With highly lobed, oak-shaped leaves, the Philodendron Pedatum (Laciniatum) is a climbing variety that requires a support pole or other support structure for best growth.
In different stages of their development, the leaves of the philodendron Pedatum can take up a variety of shapes, but generally follow the oak-leaf structure, hence the other name for the plant — Oak Leaf Philodendron.
It’s considered a beginner-friendly plant, so whether you’re looking to add another philodendron variety to your collection, or just starting with indoor gardening, this plant will be easy to grow.
Here are my recommendations on how to care for the philodendron pedatum:
Size & Growth
I mentioned how the plant is a climbing variety that requires a moss pole or other support system to climb on. I’ve seen it, however, grow beautifully in hanging baskets as well.
It’s considered a fast-growing philodendron variety. In terms of the size you can expect it to achieve at maturity, the philodendron pedatum can climb to reach a height of around 9 feet and spreads to around 1 foot.
With proper care and in ideal conditions, the leaves themselves can reach a length of 14 inches.
The pedatum can grow in a range of light conditions but seems to be favoring bright indirect light or dappled light the most.
It can grow in low light conditions too, but it’s growth will be slower. It doesn’t tolerate direct sunlight because of its delicate leaves that can easily scorch under strong sunlight.
Should the leaves of your pedatum start to turn yellow or brown, assess the level and intensity of light it receives and move it out of direct light.
Watering seems to be one of the most problematic aspects in caring for the philodendron pedatum. It simply doesn’t tolerate overwatering, so you always need to check the soil to see how moist or dry it is before adding more water.
To avoid overwatering but also to make sure my plant doesn’t get dehydrated, I use the soak and dry method. That is, I water my philodendron deeply, then allow the top level of the soil to dry, and only then do I water it again.
Some prefer adding only little water but more frequently, which can also work, however, with that method you’re also likely to overwater if the soil doesn’t drain well or if it doesn’t dry until the next watering.
Therefore, regardless of the watering method you decide to use, check the soil for moisture.
A good soil type for the philodendron pedatum is rich but well-draining. The potting mix shouldn’t hold water; it should only retain just enough moisture to keep the plant hydrated.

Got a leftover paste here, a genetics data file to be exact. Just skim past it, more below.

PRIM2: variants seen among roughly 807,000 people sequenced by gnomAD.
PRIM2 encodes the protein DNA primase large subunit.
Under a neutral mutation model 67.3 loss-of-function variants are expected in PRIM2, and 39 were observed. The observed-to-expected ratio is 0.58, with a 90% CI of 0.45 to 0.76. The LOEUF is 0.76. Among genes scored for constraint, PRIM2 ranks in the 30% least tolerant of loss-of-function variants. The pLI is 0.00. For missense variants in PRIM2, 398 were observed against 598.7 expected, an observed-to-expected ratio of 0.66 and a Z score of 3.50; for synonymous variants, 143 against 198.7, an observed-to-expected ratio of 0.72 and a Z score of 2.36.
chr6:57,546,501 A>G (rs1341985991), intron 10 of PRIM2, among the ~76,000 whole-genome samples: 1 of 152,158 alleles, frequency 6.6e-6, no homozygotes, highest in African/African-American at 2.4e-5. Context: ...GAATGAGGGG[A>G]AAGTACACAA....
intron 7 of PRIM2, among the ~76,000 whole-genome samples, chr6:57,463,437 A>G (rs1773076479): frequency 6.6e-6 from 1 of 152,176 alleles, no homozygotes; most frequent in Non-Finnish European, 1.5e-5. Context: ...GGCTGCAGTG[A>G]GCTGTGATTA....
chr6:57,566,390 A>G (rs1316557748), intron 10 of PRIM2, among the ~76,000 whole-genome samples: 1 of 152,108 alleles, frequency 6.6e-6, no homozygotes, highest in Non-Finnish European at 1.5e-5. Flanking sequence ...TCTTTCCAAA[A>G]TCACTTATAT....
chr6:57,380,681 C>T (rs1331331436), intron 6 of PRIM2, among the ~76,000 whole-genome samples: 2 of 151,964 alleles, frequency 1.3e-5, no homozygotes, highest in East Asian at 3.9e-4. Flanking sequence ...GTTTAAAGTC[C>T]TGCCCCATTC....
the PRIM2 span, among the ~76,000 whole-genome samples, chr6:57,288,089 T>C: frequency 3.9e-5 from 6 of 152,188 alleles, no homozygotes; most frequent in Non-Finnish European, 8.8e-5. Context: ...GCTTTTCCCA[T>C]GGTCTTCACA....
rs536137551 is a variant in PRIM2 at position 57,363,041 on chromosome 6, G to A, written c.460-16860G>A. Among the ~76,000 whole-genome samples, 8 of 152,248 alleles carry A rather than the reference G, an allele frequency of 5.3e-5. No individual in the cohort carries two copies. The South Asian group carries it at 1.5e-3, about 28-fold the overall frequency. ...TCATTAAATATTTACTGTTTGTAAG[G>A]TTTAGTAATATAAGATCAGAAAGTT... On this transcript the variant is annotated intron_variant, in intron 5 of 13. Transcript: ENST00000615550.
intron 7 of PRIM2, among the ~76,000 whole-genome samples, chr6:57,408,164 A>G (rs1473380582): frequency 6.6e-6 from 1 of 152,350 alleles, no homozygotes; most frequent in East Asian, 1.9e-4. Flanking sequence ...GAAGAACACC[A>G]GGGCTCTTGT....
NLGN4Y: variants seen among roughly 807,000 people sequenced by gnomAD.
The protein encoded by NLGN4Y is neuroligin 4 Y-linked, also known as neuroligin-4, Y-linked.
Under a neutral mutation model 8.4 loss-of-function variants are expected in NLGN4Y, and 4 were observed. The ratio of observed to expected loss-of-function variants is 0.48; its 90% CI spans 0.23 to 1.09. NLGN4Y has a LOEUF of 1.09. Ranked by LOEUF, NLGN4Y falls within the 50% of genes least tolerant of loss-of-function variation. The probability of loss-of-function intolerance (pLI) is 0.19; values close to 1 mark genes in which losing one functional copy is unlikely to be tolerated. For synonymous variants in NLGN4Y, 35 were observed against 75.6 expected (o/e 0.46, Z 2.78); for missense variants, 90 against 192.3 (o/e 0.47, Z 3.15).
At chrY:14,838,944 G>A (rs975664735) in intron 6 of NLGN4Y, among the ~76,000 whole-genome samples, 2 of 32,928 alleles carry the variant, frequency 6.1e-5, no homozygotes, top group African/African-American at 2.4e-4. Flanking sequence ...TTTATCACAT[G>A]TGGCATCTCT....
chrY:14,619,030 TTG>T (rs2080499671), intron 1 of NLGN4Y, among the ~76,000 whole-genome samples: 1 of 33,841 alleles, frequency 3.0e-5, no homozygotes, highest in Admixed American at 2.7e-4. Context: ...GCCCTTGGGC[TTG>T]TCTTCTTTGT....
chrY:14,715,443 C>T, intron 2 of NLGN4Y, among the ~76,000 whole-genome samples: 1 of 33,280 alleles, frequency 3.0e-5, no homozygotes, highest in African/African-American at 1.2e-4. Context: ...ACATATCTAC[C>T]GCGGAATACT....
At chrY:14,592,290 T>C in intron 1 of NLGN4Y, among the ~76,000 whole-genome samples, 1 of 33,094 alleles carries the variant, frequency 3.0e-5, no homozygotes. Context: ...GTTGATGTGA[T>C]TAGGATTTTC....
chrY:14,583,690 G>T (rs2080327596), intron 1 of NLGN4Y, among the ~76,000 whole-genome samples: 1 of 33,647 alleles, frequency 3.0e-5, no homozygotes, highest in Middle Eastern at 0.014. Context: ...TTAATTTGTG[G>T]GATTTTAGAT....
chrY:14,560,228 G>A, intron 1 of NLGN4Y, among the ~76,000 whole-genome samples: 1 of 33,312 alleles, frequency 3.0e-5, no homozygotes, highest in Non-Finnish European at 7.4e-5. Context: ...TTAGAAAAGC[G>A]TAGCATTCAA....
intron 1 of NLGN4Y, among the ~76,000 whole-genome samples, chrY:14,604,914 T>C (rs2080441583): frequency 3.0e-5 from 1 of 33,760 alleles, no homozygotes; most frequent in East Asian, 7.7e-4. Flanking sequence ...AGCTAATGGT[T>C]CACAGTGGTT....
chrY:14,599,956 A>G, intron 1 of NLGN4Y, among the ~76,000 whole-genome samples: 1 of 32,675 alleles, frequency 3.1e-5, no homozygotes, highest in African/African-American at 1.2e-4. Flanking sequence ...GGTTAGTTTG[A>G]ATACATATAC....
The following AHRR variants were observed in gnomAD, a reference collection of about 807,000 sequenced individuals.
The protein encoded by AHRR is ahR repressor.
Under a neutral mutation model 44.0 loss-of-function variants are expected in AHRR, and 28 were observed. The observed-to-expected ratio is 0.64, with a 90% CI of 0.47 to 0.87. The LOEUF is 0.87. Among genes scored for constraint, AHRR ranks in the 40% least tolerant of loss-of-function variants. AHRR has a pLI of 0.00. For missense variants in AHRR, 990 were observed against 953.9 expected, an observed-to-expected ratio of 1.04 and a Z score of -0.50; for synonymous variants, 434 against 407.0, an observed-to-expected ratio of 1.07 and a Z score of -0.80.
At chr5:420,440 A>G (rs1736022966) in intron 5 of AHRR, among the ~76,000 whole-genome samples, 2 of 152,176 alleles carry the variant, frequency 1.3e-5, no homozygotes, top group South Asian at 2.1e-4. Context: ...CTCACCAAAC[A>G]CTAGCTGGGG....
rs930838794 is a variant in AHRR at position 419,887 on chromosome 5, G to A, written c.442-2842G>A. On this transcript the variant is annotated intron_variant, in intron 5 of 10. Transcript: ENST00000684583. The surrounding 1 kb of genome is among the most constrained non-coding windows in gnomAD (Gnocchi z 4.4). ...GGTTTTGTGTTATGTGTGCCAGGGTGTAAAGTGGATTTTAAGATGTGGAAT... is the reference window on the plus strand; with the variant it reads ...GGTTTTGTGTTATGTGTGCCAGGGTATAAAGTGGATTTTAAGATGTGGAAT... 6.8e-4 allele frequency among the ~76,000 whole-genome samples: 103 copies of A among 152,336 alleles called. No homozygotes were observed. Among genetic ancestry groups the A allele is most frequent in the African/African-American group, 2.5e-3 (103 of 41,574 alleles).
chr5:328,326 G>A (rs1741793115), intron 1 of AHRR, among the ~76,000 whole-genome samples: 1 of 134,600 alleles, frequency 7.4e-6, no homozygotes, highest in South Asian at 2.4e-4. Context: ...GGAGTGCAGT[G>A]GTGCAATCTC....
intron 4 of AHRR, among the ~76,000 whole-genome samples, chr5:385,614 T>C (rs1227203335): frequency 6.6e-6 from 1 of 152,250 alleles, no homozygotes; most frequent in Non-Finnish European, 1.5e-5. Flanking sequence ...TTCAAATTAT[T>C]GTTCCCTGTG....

Potting mixes with perlite, peat, sphagnum moss and coconut coir or fibers are excellent for philodendrons. Amending the soil with compost is also beneficial.
Soilless potting mixes are not prone to retaining water or becoming compacted, neither of which is ideal for philodendron plants.
Temperature & Humidity
The general temperature requirements of philodendrons apply for the philodendron pedatum as well. Make sure your plant is grown in an environment where the temperature is between 60 F and 85 F.
Like other philodendrons, this too is sensitive to cold and frost. It also doesn’t tolerate cold drafts or having fans, AC units, radiators or other direct sources of heat or cold nearby.
While enjoying a high humidity environment, the pedatum seems to be doing well even in average indoor humidity levels.
That said, if your home is dry, try increasing humidity levels to around 60%, which is a mutually beneficial arrangement for you and your philodendron.
Unlike heavy feeders, philodendrons still benefit highly from regular fertilizing, especially during the growing season, especially if you want large leaf growth.
A general-purpose liquid fertilizer applied monthly from spring to fall will do wonders to the foliage of the pedatum.
Favor organic fertilizers over synthetic ones and you can even use time release fertilizers as an alternative to liquid ones.
Don’t fertilize in the fall and winter, because the plant stops growing during this time and the added fertilizer does not benefit the plant.
Watch out for overfertilizing problems such as root burn and foliage burn. Dilute fertilizers correctly and don’t use more than the recommended amount.
Potting & Repotting
The ideal time to repot your philodendron pedatum is in early spring just before the growing season kicks off.
Repotting is not needed unless the plant becomes visibly large for its pot or roots are poking out of the pot. Change the current pot to a size bigger and make sure that it’s sturdy enough to keep the plant from falling over.
Drain holes at the bottom of the pot are a must to allow excess water to percolate out of the pot.
How to Propagate?
All philodendrons can be easily propagated from stem cuttings. It’s the propagation method with a high success rate and it’s easy to carry out.
Simply take cuttings of around 6 inches, making sure to cut below an aerial root and making sure there are a few leaf nodes on the stem.
Dab the cut end in some rooting hormone (works without it) and place it in a jar with water or plant directly in a moist potting medium.
Make sure no leaves are touching the water and that you keep the cutting out of direct light. Change the water frequently to prevent clouding.
Stem cuttings are best harvested in spring, when the plant’s metabolism is at its peak.
The Oak Leaf Philodendron is an interesting addition to an existing philodendron collection or as an introduction to philodendrons.
Make sure your Philodendron Pedatum is well hydrated without it being overwatered and that it’s planted in a rich, well-draining medium.
Keep the plant out of direct sunlight and make sure it’s guarded from cold and extreme temperature changes.
Don’t get discouraged by the fact that it’s a tropical plant native to Venezuela and Brazil. Despite its fondness of a rainforest environment, it adapts well to indoor conditions if you focus on meeting its basic requirements.